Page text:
For most of recorded history, the value of trees has been quantified monetarily in terms of what you can get for them at the mill, or their worth off-the-stump. With the emergence of both the voluntary and compliance carbon markets, trees now have a new monetary value measured by how much carbon they sequester.
In particular, the recent Cap-and-Trade legislation of carbon in California has created a market where large landowners throughout North America can generate additional income from their trees, and do so without cutting them down.
Landowners with more than 1,000 acres of mature hardwoods can take part in an Improved Forest Management Plan to generate carbon credits on either market while others may reforest marginal agriculture or pasture land and generate credits as well.
Improved Forest Management Plans can be an ideal source of income for landowners who have had a light touch on their timber, and are particularly well suited to hunting clubs and folks who would like to see their timber standing for aesthetic or other purposes.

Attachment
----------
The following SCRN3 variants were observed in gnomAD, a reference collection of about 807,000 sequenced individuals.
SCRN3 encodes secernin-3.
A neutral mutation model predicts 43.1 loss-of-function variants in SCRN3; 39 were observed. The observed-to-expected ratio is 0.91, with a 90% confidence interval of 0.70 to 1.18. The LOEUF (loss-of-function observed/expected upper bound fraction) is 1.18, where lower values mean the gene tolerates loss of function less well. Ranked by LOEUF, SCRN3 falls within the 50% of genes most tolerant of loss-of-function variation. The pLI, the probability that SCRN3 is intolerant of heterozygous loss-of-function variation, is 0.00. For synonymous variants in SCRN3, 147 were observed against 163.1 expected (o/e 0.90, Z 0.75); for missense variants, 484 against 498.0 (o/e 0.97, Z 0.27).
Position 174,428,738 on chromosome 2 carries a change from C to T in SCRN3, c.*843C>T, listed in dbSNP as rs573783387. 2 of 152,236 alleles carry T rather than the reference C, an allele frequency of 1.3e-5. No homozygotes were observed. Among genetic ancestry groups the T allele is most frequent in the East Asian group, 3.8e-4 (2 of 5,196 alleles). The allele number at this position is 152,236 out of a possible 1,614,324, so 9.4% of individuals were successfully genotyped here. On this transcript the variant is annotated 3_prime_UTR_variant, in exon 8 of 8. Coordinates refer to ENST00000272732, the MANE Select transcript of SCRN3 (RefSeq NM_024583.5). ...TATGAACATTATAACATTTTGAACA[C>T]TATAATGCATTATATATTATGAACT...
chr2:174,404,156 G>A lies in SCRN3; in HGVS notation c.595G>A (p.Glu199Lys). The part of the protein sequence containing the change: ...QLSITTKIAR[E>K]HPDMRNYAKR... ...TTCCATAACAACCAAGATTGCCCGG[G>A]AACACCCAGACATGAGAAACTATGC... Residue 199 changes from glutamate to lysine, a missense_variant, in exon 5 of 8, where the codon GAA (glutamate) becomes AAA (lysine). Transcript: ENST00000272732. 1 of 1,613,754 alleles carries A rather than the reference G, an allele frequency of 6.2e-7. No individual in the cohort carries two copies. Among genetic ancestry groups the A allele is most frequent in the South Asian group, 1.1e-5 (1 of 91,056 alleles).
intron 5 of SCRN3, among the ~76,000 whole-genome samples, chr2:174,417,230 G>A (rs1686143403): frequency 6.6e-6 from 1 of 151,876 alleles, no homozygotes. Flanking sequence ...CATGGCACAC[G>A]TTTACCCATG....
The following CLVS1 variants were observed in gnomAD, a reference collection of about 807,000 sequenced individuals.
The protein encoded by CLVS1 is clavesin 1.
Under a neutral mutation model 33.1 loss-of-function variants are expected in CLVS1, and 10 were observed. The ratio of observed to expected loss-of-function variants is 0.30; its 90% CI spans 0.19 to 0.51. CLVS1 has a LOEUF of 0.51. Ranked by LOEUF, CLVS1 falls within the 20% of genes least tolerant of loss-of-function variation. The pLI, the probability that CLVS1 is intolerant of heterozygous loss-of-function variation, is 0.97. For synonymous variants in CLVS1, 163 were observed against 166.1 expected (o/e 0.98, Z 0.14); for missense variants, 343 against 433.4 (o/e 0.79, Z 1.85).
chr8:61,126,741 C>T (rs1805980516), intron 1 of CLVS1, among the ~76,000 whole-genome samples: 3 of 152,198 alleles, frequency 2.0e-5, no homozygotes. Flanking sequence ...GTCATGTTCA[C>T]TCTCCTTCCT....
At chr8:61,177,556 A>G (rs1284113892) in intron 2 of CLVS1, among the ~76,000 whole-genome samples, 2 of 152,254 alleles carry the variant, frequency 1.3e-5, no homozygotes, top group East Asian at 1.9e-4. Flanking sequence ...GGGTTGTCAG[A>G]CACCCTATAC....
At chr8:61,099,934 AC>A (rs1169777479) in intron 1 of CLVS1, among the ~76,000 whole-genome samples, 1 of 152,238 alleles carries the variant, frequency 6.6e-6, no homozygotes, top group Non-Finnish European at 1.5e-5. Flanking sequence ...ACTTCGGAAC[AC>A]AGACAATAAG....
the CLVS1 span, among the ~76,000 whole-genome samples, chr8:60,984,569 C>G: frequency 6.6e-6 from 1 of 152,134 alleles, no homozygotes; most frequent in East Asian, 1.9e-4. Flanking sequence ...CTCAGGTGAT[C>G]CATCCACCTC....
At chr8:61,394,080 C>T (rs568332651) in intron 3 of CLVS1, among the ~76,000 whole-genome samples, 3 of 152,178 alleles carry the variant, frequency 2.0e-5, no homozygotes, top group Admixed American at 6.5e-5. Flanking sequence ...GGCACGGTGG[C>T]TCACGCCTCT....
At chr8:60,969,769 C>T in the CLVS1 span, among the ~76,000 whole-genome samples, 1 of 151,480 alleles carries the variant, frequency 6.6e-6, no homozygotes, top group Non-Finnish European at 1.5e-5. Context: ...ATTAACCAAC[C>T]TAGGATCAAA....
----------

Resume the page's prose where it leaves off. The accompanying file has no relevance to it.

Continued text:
Some FAQs when it comes to carbon sequestering…
What if my property is under easement? This is generally not a problem. Carbon projects can provide another income stream for properties that are currently under easement and are a great way to offset expenses like taxes or other land expenses.
Can I still cut my timber? This question arises in most every conversation regarding carbon sequestering projects. The answer is yes. Just because you are monetizing timber for carbon credits doesn’t mean there aren’t still options for harvesting some trees and generating multiple and varied sources of income on your property while at the same time creating early successional habitat that is so important for deer, birds, and almost all species of wildlife.
This article was written by Tee Clarkson, who works in land preservation and carbon sequestering at Atoka Conservation Exchange, LLC. The article demonstrates Field Sport Concepts approach to assisting landowners in the conservation of their land holdings, by highlighting a variety of ways to enhance the value of their rural lands.
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